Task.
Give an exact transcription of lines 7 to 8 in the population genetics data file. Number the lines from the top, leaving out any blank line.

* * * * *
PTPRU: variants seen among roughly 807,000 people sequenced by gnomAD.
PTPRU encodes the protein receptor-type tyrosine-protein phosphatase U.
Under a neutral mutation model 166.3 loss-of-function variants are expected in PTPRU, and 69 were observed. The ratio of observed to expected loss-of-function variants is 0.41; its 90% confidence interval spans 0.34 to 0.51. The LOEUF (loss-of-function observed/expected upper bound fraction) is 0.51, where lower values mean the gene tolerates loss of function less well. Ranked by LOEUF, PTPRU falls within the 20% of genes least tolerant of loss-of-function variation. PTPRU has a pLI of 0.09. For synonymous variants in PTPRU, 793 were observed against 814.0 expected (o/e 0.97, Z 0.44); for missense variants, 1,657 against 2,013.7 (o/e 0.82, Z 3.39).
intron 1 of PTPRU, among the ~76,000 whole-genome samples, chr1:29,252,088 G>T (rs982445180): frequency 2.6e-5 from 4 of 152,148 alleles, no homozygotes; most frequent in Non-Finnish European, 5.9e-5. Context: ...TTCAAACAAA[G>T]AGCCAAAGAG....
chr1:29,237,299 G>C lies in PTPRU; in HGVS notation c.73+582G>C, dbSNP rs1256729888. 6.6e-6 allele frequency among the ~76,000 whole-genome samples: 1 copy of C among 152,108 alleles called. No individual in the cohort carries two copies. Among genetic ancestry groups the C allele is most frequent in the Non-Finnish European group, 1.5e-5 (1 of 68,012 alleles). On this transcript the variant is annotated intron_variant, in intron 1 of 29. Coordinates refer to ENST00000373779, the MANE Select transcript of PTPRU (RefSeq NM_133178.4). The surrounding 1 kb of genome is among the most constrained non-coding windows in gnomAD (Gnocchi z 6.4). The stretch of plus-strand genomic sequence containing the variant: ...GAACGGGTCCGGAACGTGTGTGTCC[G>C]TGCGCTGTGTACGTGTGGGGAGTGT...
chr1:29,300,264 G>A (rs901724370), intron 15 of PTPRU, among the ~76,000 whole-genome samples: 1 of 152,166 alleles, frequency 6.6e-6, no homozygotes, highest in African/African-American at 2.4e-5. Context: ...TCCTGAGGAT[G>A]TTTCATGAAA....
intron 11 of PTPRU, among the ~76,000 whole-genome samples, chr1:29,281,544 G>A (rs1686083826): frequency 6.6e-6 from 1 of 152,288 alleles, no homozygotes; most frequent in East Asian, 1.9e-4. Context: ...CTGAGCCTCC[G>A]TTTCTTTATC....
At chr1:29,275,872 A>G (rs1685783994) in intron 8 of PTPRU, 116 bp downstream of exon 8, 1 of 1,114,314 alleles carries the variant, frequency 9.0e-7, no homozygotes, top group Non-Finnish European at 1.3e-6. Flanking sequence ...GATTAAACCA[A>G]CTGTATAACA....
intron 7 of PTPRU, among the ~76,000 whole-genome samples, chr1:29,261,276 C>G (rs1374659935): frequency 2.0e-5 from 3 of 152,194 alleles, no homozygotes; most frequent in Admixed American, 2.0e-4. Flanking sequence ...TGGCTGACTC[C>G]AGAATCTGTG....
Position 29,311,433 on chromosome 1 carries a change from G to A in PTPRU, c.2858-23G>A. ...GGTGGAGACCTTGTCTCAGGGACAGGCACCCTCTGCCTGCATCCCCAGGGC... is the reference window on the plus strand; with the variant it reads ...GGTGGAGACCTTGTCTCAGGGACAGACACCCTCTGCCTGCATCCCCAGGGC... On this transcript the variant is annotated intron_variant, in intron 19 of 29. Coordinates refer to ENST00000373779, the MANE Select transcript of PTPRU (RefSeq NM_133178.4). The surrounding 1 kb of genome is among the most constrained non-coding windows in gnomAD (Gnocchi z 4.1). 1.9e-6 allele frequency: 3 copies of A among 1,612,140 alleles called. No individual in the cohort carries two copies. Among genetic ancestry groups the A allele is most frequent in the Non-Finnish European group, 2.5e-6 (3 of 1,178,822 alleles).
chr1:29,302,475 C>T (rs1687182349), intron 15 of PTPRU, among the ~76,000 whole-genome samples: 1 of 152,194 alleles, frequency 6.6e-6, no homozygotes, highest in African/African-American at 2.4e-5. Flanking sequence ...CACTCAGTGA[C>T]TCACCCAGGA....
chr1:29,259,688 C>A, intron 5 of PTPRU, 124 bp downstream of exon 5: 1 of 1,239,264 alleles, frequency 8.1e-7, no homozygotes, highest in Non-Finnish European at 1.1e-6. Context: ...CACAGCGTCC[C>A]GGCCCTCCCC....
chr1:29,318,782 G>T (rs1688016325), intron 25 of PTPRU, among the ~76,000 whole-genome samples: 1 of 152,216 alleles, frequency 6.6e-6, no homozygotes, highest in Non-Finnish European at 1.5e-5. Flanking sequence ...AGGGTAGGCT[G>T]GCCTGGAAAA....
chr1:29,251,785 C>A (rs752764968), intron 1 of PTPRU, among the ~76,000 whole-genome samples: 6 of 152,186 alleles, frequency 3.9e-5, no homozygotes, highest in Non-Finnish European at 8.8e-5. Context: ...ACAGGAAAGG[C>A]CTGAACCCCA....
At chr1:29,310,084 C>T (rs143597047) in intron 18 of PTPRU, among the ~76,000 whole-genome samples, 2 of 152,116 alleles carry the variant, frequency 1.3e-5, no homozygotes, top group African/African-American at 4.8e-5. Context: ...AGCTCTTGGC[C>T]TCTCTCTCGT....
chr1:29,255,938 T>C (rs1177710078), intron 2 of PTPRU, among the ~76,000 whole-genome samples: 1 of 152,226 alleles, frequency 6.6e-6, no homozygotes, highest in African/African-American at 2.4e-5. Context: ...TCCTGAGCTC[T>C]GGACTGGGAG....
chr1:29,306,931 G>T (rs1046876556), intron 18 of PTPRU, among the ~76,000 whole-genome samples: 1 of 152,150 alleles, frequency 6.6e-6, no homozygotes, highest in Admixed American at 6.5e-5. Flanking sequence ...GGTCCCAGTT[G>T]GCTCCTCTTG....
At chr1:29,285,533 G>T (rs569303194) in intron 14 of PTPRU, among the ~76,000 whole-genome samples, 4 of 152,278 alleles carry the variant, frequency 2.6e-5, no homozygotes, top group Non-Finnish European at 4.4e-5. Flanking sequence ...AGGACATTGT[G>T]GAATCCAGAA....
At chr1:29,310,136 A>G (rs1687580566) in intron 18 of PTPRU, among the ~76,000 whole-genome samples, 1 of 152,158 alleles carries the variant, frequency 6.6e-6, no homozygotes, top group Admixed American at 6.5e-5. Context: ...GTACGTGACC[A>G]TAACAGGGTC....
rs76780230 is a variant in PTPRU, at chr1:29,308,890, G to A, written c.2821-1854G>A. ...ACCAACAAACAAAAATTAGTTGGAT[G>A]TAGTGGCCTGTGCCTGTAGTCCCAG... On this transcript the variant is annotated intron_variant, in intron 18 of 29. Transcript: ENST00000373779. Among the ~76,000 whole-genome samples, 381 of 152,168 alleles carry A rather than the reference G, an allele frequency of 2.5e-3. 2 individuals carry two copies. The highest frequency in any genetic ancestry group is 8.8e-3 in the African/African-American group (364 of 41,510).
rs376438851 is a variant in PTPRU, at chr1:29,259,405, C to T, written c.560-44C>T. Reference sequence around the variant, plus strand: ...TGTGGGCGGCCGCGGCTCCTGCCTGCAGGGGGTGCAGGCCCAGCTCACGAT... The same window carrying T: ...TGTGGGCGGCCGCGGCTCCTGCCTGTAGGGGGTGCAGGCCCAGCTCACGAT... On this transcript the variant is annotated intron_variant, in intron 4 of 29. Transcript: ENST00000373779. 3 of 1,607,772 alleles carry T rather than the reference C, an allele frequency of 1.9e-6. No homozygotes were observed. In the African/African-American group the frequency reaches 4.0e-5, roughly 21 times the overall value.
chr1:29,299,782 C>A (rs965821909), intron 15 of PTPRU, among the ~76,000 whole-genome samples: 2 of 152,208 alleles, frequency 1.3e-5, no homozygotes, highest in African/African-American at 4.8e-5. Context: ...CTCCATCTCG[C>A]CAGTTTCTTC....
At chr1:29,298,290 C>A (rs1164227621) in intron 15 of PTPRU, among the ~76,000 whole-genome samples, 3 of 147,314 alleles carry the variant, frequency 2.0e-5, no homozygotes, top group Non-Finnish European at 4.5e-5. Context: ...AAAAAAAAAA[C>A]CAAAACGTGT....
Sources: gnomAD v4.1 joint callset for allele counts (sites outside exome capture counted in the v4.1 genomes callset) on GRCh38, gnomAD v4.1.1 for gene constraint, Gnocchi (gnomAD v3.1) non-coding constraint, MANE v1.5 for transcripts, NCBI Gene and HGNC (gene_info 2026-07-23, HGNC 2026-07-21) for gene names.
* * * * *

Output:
intron 11 of PTPRU, among the ~76,000 whole-genome samples, chr1:29,281,544 G>A (rs1686083826): frequency 6.6e-6 from 1 of 152,288 alleles, no homozygotes; most frequent in East Asian, 1.9e-4. Context: ...CTGAGCCTCC[G>A]TTTCTTTATC....
At chr1:29,275,872 A>G (rs1685783994) in intron 8 of PTPRU, 116 bp downstream of exon 8, 1 of 1,114,314 alleles carries the variant, frequency 9.0e-7, no homozygotes, top group Non-Finnish European at 1.3e-6. Flanking sequence ...GATTAAACCA[A>G]CTGTATAACA....